Develop a lung culture system to replace the whole animal for evaluation of antifibrogenic agents. This will assist in testing air born toxicants

Daniel D. Smeak, Ph.D.
The Ohio State University, Columbus, OH.
Evaluation of a hollow organ simulator as an alternative in teaching veterinary students
1990-1991
Robert Van Buskirk, Ph.D.
Department of Biological Sciences, State University of New York, Binghamton, NY.
Develop a multi-endpoint assay for a human skin equivalent (year 2)

Jen Hill Lucas, Ph.D.
Center for Network Neuroscience, Department of Biological Sciences, University of North Texas, Denton.
A Prototype Rapid Intervention Protocol for the Treatment of Acute Phase Physical Injury to the Spinal Cord

Esmail Koushanpour, Ph.D.
Northwestern University, Chicago, IL.
An Interactive Computer Simulation Program of Renal Function
1989-1990
John G. Benson, Ph.D.; W.A. Wilson, Ph.D.; and J.C. Thurmon, Ph.D.
University of Illinois, Urbana, IL.
Develop computerized case simulations for teaching anesthetic case management

Ales Prokop, Ph.D.
Washington University, St. Louis, MO.
Development of Dynamic, Tissue-like Density Hepatocyte Culture as an Alternative to Animals for Toxicity Evaluation

Harvey Babich, Ph.D. and Ellen Borenfreund, Ph.D.
The Rockefeller University, New York, NY.
Use of Metabolizing Systems in the Neutral Red Assay to Develop an Alternative to the Draize Rabbit Skin Tolerance Test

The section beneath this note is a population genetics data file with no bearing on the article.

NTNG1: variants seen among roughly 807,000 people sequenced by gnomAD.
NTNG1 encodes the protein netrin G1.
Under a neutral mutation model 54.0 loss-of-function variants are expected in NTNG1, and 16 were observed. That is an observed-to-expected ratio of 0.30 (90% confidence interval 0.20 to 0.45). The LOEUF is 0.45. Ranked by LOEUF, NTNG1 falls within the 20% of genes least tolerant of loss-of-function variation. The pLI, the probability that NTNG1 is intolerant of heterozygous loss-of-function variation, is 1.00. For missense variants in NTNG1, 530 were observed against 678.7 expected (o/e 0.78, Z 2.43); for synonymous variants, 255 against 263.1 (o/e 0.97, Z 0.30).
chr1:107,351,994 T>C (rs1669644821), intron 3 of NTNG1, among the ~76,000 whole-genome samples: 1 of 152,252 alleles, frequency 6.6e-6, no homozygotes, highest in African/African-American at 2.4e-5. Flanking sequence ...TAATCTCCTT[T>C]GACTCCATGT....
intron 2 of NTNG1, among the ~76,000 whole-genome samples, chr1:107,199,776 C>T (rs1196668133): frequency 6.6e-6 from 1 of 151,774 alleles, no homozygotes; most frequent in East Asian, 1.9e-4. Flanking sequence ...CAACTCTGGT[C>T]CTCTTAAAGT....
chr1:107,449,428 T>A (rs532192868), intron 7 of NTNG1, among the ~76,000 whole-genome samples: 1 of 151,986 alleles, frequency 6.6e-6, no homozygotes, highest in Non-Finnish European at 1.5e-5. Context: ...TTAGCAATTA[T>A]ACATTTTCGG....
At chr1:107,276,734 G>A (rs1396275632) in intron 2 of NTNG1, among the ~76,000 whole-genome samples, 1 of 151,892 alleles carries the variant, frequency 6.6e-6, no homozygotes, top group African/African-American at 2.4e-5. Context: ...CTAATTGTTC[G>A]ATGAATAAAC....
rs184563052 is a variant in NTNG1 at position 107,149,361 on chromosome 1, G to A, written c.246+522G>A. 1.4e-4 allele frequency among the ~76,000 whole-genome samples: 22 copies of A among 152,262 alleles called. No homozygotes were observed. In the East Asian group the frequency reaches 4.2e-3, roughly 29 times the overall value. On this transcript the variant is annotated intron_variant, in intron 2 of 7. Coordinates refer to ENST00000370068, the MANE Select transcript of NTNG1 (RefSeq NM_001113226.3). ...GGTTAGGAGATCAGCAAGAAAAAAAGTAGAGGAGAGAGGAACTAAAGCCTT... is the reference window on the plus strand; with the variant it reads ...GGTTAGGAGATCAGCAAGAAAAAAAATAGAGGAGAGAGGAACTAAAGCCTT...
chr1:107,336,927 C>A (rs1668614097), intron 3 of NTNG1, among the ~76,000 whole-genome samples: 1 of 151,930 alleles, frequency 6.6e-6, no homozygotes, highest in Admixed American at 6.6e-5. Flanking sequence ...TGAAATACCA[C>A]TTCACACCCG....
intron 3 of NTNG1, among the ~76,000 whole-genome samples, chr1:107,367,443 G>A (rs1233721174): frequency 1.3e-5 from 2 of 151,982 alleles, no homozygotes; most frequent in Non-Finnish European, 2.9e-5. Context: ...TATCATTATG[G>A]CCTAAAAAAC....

John Phelps, Ph.D.
University of Texas Health Science Center at Houston.
Assessment of the effectiveness of an interactive video laser disc as a replacement of a live animal physiology lab on cardiac output

Robert Van Buskirk, Ph.D.
Department of Biological Sciences, State University of New York, Binghamton, NY.
Multiflour: A Multipotential In Vitro Approach to Cytotoxicity
1988-1989
Ruy Tchao, Ph.D.
College of Pharmacy and Science, Philadelphia, PA.
Validation of the Trans-epithelial Permeability Assay as an Alternative to the Draize Eye Test
The subject of this year’s proposal is validation. A large selection of commercial products, including shampoos, fragrances, and cosmetic products will be used.

Roslyn Rivkah Isseroff, Ph.D.
University of California, Davis.
Alternative Method to Whole Animals for the Evaluation of Commercial Products: Monitoring the Production of Leukotrienes by Cultured Human Keratinocytes in Response to Toxic/Irritant Subjects
This project is an in vitro test designed to replace animals and human volunteers in testing skin irritants. The approach is to evaluate the potential for cutaneous irritation of commercial products via a cell culture system. Human keratinocyte cultures, initiated from neonatal foreskins discarded at routine circumcision, will be incubated with known strong cutaneous irritants. The generation of radiolabeled leukotrienes by the cells after exposure to these irritants will be monitored utilizing both reverse and normal phase HPLC methodologies.

Harvey Babich, Ph.D. and Ellen Borenfreund, Ph.D.
The Rockefeller University, New York, NY.
Develop an in vitro test that duplicates the metabolizing capacity of intact skin together with the Neutral Red Assay
The research project will use cultured human skin keratinocytes and human skin fibroblasts, singly and in combinations, in the in vitro neutral red cytotoxicity assay for assessing the dermatotoxicities of chemical test agents. The in vitro model will assess cellular damage to skin (i.e., the “corrosive” response) rather than the immune inflammatory response. An important aspect of this experimental design is the use of cell types of human origin, rather than from experimental laboratory animals. Thus eliminating the need for extrapolation from animals to humans.